Of course, people did arrive, but for a while I was able to stand under the waterfall without anyone else and listen to the roar of the water overhead. Bliss. (Bailey was a tad worried so kept running in and out from beneath the water, I don’t think he much liked the water and the noise it made).

After exploring the area it was a slow walk back (up the 170 steps!) to the minibus and the journey back home to Swindon. I have vowed to go and find some more of the crash sites when time allows! A good weekend out with some great memories made.

I wonder what I am saying to others in this video captured by the drone?

– Just Joanne

Annapurna reflection.

Nepal had been a destination that I had wished to travel and trek in for years. I’ve had a fascination of Annapurna since I was at Plas-y-Brenin for Mountain Leader Training and Alan Hinkes was sat at our table whilst we ate dinner and mentioned his climbs to our group whilst eating his custard… (true story!)
He was giving a talk that night about his book and experience of climbing all 14 of the peaks over 8000m, the world’s highest mountains, and mentioned about Annapurna having a 50:50 survival rate (at least in 2002 it might have, currently the fatality-to-summit ratio is 32% making it the highest of any of the eight-thousanders). It is one of the deadliest mountains in the world because of the avalanches it experiences and the huge seracs (ice cliffs) which break off so many attempt it via it’s North face and not South.

1280px-Annapurna_Massif_Aerial_View

So yes, a fascination was planted and I suddenly wanted to see this ‘deadliest mountain’, this “Goddess of the Harvest” (Annapurna is a Sanskrit name that literally means “(She who is) Replete with food”) and wasn’t satisfied with Google images. So fast forward to my impulsiveness and booking tickets for The Adventure Show in London to go and see what was on offer so we can see this mountain.
Terry and I browsed and spoke to companies who would offer this trek at the show and settled on Exodus. Not only are they highly recommended, the Guardian’s best tour operator but they seemed to know the country very well and we wanted to go with a company rather than attempt anything ourselves just yet.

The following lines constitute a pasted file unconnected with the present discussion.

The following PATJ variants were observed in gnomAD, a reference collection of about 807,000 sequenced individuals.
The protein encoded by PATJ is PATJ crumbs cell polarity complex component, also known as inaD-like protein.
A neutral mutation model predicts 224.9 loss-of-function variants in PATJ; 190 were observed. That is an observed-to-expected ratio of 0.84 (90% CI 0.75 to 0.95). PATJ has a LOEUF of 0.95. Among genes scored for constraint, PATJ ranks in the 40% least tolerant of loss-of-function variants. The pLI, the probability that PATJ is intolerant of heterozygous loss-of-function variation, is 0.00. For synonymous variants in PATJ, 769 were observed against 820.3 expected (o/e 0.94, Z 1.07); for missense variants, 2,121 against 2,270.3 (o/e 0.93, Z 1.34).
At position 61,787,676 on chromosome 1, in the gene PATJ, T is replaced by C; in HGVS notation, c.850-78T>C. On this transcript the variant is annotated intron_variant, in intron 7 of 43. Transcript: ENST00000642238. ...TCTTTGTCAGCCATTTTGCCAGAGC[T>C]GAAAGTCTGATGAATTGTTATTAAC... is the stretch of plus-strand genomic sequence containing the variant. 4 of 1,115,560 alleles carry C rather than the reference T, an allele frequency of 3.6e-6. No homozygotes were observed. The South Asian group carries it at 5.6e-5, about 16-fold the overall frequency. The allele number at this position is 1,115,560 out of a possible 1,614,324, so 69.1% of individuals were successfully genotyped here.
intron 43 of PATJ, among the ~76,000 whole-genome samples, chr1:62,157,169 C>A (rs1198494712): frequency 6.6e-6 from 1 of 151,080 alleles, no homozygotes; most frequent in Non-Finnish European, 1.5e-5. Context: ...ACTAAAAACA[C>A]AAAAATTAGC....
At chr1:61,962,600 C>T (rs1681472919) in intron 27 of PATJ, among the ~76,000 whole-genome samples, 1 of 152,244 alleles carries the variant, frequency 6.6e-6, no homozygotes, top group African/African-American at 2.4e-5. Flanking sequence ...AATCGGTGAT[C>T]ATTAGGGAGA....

EXODUS-Logo-Horizontal-CMYK-global-adventures-since-1974-cs-01-CROP(We had issues with a flight in Delhi and Exodus sent us a nice letter and ‘gesture of goodwill’ vouchers for the inconvenience we experienced – fab!)

So we decided on something more adventurous; both of us have had many many days in the UK mountains in our time and enjoy walking. We didn’t want to go up and down a mountain (least I didn’t) but to go on a trek where we’d be immersed in the culture. Our timing was such that it needed to be during a school holiday (although not during the summer school holiday when the monsoons are in Nepal) and at the time I was fortunate enough to work part-time at my school based job – I approached the headteacher with an offer of working during the GCSE period for having an extra couple of days off over the Christmas period and she agreed. It was fated!

So, two years prior we paid a deposit and the trek was confirmed. The rest… well, that can be read about in this blog, day by day…

Now I’ve had time to reflect I ask myself, would I do it again?

Ab-so-lute-ly.

I look back at the photos and marvel at the views we had. How gargantuan the mountains we passed were, how cold it was, how long we trekked for and how much we thoroughly enjoyed it. Yes, there were times of struggle (bad stomach, headaches) but that’s a given on any trek – you’ll have both good and bad days – you just got to keep walking…

P1050144

If you’re considering trekking the Annapurna Circuit I would highly recommend it. We went during December to avoid the crowds (we didn’t see any other trekkers on many days) and view the blue azure skies – yes it is cold, but you can layer up. We had glorious sunshine, no rain and very very few clouds during our trek so took some great photos and had great clear views.

Nepal is one of the most tourist-friendly countries and Annapurna Circuit is one of the most well-developed and popular treks. You’ll pass through a village approximately ever 2-3km where locals will help you if you need it so there’s no worry there but I would highly recommend a guide (and porter) as they’ll be able to tell you about the country and the sights you’ll see (ensure though that they’ll be taking you as much off the road as possible). Also, by hiring a guide and porter you’ll be providing them with a much-needed wage and they can liaise with other Nepalese for you.

We had special permits to trek in this area: a TIMS (Trekkers’ Information Management System) card and a trekking permit (for Annapurna area – ACAP – Annapurna Conservation Area Permit). During the trek, there was checkpoints in several villages (at least one checkpoint almost every day) of which our guides had to get our permits stamped.

IMG_9075.JPG
IMG_9078.JPG
IMG_9079.JPG

There were no worries about miscommunication (though I had a bottle = butter moment!) as many of the Nepalese speak good English. Shops are stocked well (check sell-by dates!) and have items you probably will need (Bounty, Mars and Snicker bars…). The food is good and nutritious and tea (and coffee) aplenty!